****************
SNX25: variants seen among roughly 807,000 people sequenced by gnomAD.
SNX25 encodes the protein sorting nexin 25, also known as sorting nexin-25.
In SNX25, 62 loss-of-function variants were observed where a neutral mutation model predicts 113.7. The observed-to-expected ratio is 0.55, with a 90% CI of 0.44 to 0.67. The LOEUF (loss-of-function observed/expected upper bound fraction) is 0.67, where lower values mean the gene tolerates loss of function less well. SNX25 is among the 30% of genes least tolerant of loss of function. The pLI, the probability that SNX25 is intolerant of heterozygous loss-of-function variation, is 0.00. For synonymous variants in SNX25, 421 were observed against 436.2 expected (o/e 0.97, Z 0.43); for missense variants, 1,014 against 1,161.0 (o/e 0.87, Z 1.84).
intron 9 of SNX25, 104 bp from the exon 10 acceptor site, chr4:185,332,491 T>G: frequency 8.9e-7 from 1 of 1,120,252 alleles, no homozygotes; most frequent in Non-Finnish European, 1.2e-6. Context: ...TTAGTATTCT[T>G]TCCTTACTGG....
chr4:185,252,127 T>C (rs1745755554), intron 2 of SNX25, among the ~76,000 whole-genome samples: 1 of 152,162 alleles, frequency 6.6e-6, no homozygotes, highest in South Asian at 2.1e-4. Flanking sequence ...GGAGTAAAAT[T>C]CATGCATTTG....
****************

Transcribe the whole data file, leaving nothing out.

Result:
SNX25: variants seen among roughly 807,000 people sequenced by gnomAD.
SNX25 encodes the protein sorting nexin 25, also known as sorting nexin-25.
In SNX25, 62 loss-of-function variants were observed where a neutral mutation model predicts 113.7. The observed-to-expected ratio is 0.55, with a 90% CI of 0.44 to 0.67. The LOEUF (loss-of-function observed/expected upper bound fraction) is 0.67, where lower values mean the gene tolerates loss of function less well. SNX25 is among the 30% of genes least tolerant of loss of function. The pLI, the probability that SNX25 is intolerant of heterozygous loss-of-function variation, is 0.00. For synonymous variants in SNX25, 421 were observed against 436.2 expected (o/e 0.97, Z 0.43); for missense variants, 1,014 against 1,161.0 (o/e 0.87, Z 1.84).
intron 9 of SNX25, 104 bp from the exon 10 acceptor site, chr4:185,332,491 T>G: frequency 8.9e-7 from 1 of 1,120,252 alleles, no homozygotes; most frequent in Non-Finnish European, 1.2e-6. Context: ...TTAGTATTCT[T>G]TCCTTACTGG....
chr4:185,252,127 T>C (rs1745755554), intron 2 of SNX25, among the ~76,000 whole-genome samples: 1 of 152,162 alleles, frequency 6.6e-6, no homozygotes, highest in South Asian at 2.1e-4. Flanking sequence ...GGAGTAAAAT[T>C]CATGCATTTG....